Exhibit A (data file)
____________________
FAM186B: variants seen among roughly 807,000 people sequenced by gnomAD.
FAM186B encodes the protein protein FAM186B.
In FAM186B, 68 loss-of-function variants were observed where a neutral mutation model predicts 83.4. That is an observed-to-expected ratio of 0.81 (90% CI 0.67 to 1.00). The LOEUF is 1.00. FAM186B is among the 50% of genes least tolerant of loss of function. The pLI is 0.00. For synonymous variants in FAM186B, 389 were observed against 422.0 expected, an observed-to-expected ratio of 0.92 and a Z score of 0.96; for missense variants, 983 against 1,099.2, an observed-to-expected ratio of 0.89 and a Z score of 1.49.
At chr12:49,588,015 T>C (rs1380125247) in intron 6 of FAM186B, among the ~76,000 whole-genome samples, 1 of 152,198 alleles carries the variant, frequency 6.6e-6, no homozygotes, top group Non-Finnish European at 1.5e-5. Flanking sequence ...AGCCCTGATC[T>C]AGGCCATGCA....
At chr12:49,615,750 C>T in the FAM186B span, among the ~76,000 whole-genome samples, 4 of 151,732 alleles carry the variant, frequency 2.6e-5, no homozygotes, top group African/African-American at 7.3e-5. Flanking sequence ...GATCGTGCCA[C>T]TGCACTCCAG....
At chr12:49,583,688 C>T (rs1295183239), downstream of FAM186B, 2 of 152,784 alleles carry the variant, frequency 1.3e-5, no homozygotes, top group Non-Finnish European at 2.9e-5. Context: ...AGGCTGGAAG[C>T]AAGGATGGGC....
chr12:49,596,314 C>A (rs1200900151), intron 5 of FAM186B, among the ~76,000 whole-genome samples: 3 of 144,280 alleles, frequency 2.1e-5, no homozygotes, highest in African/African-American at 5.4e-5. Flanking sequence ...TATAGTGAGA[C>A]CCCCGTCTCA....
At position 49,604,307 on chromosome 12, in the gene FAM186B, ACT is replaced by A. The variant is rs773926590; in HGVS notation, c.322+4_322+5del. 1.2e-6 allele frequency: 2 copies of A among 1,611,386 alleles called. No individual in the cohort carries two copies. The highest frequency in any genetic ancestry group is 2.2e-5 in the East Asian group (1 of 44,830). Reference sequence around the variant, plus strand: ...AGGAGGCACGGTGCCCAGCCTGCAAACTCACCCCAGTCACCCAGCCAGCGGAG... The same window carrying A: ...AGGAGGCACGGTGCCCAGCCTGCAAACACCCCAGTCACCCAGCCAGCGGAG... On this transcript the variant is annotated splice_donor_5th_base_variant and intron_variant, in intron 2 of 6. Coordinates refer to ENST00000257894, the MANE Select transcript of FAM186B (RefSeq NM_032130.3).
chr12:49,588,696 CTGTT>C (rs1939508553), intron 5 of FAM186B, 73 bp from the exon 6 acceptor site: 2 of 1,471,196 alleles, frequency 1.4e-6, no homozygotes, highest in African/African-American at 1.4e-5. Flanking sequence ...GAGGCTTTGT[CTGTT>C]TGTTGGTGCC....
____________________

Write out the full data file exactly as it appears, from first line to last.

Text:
FAM186B: variants seen among roughly 807,000 people sequenced by gnomAD.
FAM186B encodes the protein protein FAM186B.
In FAM186B, 68 loss-of-function variants were observed where a neutral mutation model predicts 83.4. That is an observed-to-expected ratio of 0.81 (90% CI 0.67 to 1.00). The LOEUF is 1.00. FAM186B is among the 50% of genes least tolerant of loss of function. The pLI is 0.00. For synonymous variants in FAM186B, 389 were observed against 422.0 expected, an observed-to-expected ratio of 0.92 and a Z score of 0.96; for missense variants, 983 against 1,099.2, an observed-to-expected ratio of 0.89 and a Z score of 1.49.
At chr12:49,588,015 T>C (rs1380125247) in intron 6 of FAM186B, among the ~76,000 whole-genome samples, 1 of 152,198 alleles carries the variant, frequency 6.6e-6, no homozygotes, top group Non-Finnish European at 1.5e-5. Flanking sequence ...AGCCCTGATC[T>C]AGGCCATGCA....
At chr12:49,615,750 C>T in the FAM186B span, among the ~76,000 whole-genome samples, 4 of 151,732 alleles carry the variant, frequency 2.6e-5, no homozygotes, top group African/African-American at 7.3e-5. Flanking sequence ...GATCGTGCCA[C>T]TGCACTCCAG....
At chr12:49,583,688 C>T (rs1295183239), downstream of FAM186B, 2 of 152,784 alleles carry the variant, frequency 1.3e-5, no homozygotes, top group Non-Finnish European at 2.9e-5. Context: ...AGGCTGGAAG[C>T]AAGGATGGGC....
chr12:49,596,314 C>A (rs1200900151), intron 5 of FAM186B, among the ~76,000 whole-genome samples: 3 of 144,280 alleles, frequency 2.1e-5, no homozygotes, highest in African/African-American at 5.4e-5. Flanking sequence ...TATAGTGAGA[C>A]CCCCGTCTCA....
At position 49,604,307 on chromosome 12, in the gene FAM186B, ACT is replaced by A. The variant is rs773926590; in HGVS notation, c.322+4_322+5del. 1.2e-6 allele frequency: 2 copies of A among 1,611,386 alleles called. No individual in the cohort carries two copies. The highest frequency in any genetic ancestry group is 2.2e-5 in the East Asian group (1 of 44,830). Reference sequence around the variant, plus strand: ...AGGAGGCACGGTGCCCAGCCTGCAAACTCACCCCAGTCACCCAGCCAGCGGAG... The same window carrying A: ...AGGAGGCACGGTGCCCAGCCTGCAAACACCCCAGTCACCCAGCCAGCGGAG... On this transcript the variant is annotated splice_donor_5th_base_variant and intron_variant, in intron 2 of 6. Coordinates refer to ENST00000257894, the MANE Select transcript of FAM186B (RefSeq NM_032130.3).
chr12:49,588,696 CTGTT>C (rs1939508553), intron 5 of FAM186B, 73 bp from the exon 6 acceptor site: 2 of 1,471,196 alleles, frequency 1.4e-6, no homozygotes, highest in African/African-American at 1.4e-5. Flanking sequence ...GAGGCTTTGT[CTGTT>C]TGTTGGTGCC....